In OxTS systems curvature is calculated as by dividing the angular rate down by the 2D velocity.

Angular rate down is defined as the angular rate about the gravity vector, i.e down in the North, East, down Earth fixed frame. For more information on measurement frames see this article.

2D velocity is calculated as a vector sum of the velocity in the North and East directions.

For many use cases this will be what is often thought of as curvature. However, for some users this may not be aligned with the definition of curvature that they are used to.

Angular rate down is the rate of change of the vehicle's heading, with respect to time. This means that the curvature calculation presented above includes vehicle slip.

To some usersÂ curvature is the curvature of the path that the vehicle takes. A useful way to clarify this distinction is to think of a vehicle sliding on ice in a straight line spinning about the measurement point, with a varying angular rate. The curvature calculation defined above would vary but the curvature of the "path" of the measurement point actually has constant, infinite curvature.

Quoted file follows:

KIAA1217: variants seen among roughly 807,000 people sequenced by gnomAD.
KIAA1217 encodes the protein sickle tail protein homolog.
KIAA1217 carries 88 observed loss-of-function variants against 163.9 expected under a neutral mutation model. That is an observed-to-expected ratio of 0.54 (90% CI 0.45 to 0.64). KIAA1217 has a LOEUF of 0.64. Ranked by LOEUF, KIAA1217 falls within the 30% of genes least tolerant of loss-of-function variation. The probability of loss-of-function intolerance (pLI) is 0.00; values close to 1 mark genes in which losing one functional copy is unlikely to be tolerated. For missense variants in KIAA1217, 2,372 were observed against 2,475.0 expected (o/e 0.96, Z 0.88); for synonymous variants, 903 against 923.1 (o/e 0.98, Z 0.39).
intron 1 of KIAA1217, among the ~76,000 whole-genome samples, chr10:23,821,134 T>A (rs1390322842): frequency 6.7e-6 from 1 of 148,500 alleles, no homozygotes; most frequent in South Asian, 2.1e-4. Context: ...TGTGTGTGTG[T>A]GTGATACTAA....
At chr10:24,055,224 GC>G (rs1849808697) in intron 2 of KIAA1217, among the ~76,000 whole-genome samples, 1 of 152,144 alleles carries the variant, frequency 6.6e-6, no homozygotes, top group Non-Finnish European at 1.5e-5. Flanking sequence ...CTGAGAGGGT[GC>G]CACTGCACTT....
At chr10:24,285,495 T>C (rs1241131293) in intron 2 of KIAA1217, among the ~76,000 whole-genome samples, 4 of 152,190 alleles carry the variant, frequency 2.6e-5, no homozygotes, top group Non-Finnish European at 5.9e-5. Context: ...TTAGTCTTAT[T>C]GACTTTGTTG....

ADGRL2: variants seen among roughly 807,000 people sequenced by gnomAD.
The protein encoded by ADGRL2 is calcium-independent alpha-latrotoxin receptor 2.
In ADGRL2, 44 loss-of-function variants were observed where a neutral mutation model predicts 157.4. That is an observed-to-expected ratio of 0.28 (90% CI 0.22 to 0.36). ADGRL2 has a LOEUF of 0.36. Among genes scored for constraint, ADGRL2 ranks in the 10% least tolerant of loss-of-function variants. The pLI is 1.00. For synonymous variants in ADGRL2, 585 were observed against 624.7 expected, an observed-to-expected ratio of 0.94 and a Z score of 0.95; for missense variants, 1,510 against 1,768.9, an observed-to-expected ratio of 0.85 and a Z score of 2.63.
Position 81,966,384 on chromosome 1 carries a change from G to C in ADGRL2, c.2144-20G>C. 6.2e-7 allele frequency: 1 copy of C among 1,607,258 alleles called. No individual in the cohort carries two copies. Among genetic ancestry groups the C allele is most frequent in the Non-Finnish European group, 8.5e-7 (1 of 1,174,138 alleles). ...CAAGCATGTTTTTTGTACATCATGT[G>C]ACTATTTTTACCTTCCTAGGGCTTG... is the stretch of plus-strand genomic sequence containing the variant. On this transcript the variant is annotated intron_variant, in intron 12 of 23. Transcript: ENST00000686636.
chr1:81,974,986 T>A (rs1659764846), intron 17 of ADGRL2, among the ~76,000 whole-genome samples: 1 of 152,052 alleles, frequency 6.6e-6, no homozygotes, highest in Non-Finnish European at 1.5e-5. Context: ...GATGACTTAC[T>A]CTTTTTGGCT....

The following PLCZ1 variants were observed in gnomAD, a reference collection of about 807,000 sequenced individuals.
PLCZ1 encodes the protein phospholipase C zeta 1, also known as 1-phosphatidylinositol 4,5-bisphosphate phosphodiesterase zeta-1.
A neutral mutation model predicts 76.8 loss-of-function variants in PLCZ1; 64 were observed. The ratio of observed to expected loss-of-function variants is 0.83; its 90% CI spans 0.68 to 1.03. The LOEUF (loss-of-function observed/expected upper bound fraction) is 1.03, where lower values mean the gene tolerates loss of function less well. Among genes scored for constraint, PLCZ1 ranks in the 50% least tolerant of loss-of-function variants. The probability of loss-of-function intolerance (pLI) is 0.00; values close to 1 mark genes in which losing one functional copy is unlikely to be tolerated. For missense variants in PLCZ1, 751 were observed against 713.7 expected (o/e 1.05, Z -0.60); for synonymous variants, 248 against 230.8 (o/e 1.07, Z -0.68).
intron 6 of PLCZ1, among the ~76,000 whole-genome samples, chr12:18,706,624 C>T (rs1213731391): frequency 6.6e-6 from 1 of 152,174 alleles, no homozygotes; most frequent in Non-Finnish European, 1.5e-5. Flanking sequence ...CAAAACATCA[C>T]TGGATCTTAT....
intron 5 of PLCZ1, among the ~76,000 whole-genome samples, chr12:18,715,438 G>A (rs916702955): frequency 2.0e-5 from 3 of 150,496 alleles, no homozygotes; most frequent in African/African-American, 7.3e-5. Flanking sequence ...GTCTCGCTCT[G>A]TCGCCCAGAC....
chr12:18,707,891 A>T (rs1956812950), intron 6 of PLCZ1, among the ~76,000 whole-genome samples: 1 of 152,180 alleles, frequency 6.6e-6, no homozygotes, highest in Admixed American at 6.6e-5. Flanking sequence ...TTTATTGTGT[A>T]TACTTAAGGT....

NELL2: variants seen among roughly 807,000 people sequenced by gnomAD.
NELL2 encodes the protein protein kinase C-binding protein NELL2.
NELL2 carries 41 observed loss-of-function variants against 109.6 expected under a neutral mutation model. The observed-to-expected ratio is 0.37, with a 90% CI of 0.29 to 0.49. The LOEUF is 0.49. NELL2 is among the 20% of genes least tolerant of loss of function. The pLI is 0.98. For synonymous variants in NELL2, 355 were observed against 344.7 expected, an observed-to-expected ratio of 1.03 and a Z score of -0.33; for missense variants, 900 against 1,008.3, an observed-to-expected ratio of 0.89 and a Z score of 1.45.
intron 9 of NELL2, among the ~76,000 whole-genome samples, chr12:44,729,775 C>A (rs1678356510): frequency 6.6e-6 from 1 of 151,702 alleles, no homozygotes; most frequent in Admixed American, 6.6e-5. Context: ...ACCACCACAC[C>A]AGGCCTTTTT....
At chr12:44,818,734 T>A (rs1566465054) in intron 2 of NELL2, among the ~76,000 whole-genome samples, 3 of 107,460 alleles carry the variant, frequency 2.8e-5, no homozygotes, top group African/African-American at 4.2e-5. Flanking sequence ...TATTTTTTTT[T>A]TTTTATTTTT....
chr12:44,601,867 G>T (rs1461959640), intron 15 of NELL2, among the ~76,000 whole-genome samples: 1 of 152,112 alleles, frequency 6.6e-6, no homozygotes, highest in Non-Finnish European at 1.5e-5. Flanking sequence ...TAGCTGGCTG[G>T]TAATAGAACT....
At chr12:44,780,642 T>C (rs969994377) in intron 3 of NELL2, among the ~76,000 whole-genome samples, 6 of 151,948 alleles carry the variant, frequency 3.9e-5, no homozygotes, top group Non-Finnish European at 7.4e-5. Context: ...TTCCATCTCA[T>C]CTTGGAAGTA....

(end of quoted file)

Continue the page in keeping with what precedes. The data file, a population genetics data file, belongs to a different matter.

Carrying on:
In order to calculate the curvature of the path of the vehicle users will have to post process their data sets. Creating an additional variable for the rate of change of track angle and dividing it by the 2D velocity of the unit.

Or by taking the lateral acceleration and dividing it by the forward velocity, squared.

Variation between the two methods can reach up to ~3 1/m depending on the amount of side slip generated.

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